What then are the implications for Free Methodist pastors and churches? How do we minister, preach the good news and serve those impacted by these lifestyle choices? What does this mean for our day-to-day ministry?
First, it reminds us that we live in societies with ever-changing norms. Though the church should not change its theology, it must change the manner in which it ministers. We can no longer afford to give peripheral attention to sexuality in our teaching. It must be vigorously taught. It is conspicuously part of school curriculum. It inordinately saturates television and the Internet. It is experienced by all ages with “don’t ask, don’t tell” immunity. We are not living in an “anything goes” culture as much as an “everything should be considered normal” culture. Ministry then should give commensurate attention to it. Cultural conviction might not be strong or even exist when it comes to sexuality, so teaching and group instruction must be more robust, frequent, biblically based, culturally aware and sensitive.
The church at its best has always sought to honor Christ and His Word, not to mirror changing societal mores. We are to be Christocentric, mirroring Christ’s love and truth to a fallen world. We are to be “speaking the truth in love” (Ephesians 4:15) in meaningful yet grace-filled ways in our ministries. The anchor of truth is the truth of Jesus Christ, expressed by the love from His Spirit. One of the gravest errors in teaching is to align Christian conviction as closely as possible with accepted cultural norms. While we desire to be sensitive and helpful, we must acknowledge that most of the world has for centuries stood opposed to the dominant cultural morals and practices in this and other areas. Christianity in the West has not faced the need to be countercultural in many areas until now in this one.
Second, gender confusion is exacerbated in a society that made sexuality core to human identity. It was never intended to be. We were created in the image of God. That essential core has been marred by sin. The core is not sexual orientation or any other behavior. Sexuality is part of life, not the whole or essence of it.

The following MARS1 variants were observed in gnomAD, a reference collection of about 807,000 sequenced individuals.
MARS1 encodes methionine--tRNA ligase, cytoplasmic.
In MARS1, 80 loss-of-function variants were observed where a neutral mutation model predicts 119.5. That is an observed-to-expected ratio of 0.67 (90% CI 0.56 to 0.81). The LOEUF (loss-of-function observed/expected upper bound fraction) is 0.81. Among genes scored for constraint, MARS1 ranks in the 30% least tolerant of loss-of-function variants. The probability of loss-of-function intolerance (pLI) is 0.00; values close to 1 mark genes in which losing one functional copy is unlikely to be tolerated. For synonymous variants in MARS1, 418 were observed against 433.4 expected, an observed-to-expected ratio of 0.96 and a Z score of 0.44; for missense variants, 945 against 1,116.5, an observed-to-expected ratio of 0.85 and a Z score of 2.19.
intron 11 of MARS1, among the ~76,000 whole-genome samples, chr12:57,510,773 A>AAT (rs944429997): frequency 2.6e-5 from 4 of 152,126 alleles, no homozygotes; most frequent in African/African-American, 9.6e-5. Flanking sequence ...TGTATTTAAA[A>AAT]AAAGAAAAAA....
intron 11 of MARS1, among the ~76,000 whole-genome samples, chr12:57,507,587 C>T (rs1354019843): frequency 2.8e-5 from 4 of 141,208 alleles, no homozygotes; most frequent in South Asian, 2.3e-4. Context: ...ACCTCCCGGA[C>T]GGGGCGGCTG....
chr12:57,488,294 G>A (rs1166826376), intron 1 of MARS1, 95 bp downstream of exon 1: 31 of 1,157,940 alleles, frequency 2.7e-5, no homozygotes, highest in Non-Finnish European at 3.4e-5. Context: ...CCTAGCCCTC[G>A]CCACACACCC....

“Orientation” and “identity” are commonly attached to sexuality, which, on a fundamental level, is flawed. It misplaces the role of sexuality in defining the person. Orientation and identity terminology are not used for any other behavior. Why this one? Ministry to people trapped by sin, any sin, must remind all persons that they are created in the image of God yet bent toward sin. We understand that Christ redeems and reverses the fall of humanity. He unravels our twisting toward sin and self. Our identity is perfected in Christ and cannot be found in our sexuality, not even in our most holy and righteous expression of sex. Sexuality will never perfectly define who we are as sinners or saints. To make sexuality the center of identity misses its part in human relationship and the centrality of our relationship with God.
Third, human orientation always angles toward sin and self-fulfillment while opposing God and His correction. Unrestrained impulse gratification is never good. In virtually all areas of life (including sexual expression), impulse control is a key ingredient of mental, emotional and spiritual health. Sexual orientation does not require expression though many seem to think there is no other way. The Bible clearly speaks of an orientation toward sin that we all possess as a result of the fall. Certain sins tempt some more than others. We should not conclude that yielding to temptation or ignoring it altogether are our best options. Neither should we assume that God does not offer forgiveness, healing and freedom from bondage to sin.
Concluding that sexuality is benign choice or genetic predisposition renders impulse control as unnecessary. When sex becomes amoral, discipline ceases to exist. Discipleship always leads us on a path toward how we might best live. It will also lead us to identify impediments and learn where and when resistance and restraint must be exercised. Improper sexual behaviors, like all other matters with which they are lumped that impede our progress, will stand in the way of discipleship and growth.
Fourth, civil law does not form spiritual truth or define it. That is not the role of government. Though we respect the laws of the land, we simply cannot violate the natural law or divine law that carries with it moral, spiritual and eternal consequences because laws are formed. Though laws might sanction a set of behaviors, the church must still teach what it knows about God’s plan and will. We pray that His “kingdom come and will be done.” It is best for our teaching to lean in the direction of what we know about His will in human relationships. We respect the state in areas where it makes laws that protect us. But we should not expect the government to create truth or redefine it for us. As an example, divorce became legal and easily accessible many years ago in the United States. Many have regrettably experienced the brokenness of a fractured marriage and have received God’s healing and grace. The church still does not and should not advocate divorce as God’s design simply because it is legal and easily obtained. Marriage has similarly been redefined by courts. But it has not been redefined by the church or Bible. Homosexual marriage, cohabitation, domestic partnerships and other non-monogamous marriage arrangements are all outside of God’s original design for marriage. People may find healing and grace, but we should not endorse practices we know to be harmful. Instead, we teach truth and minister grace in love.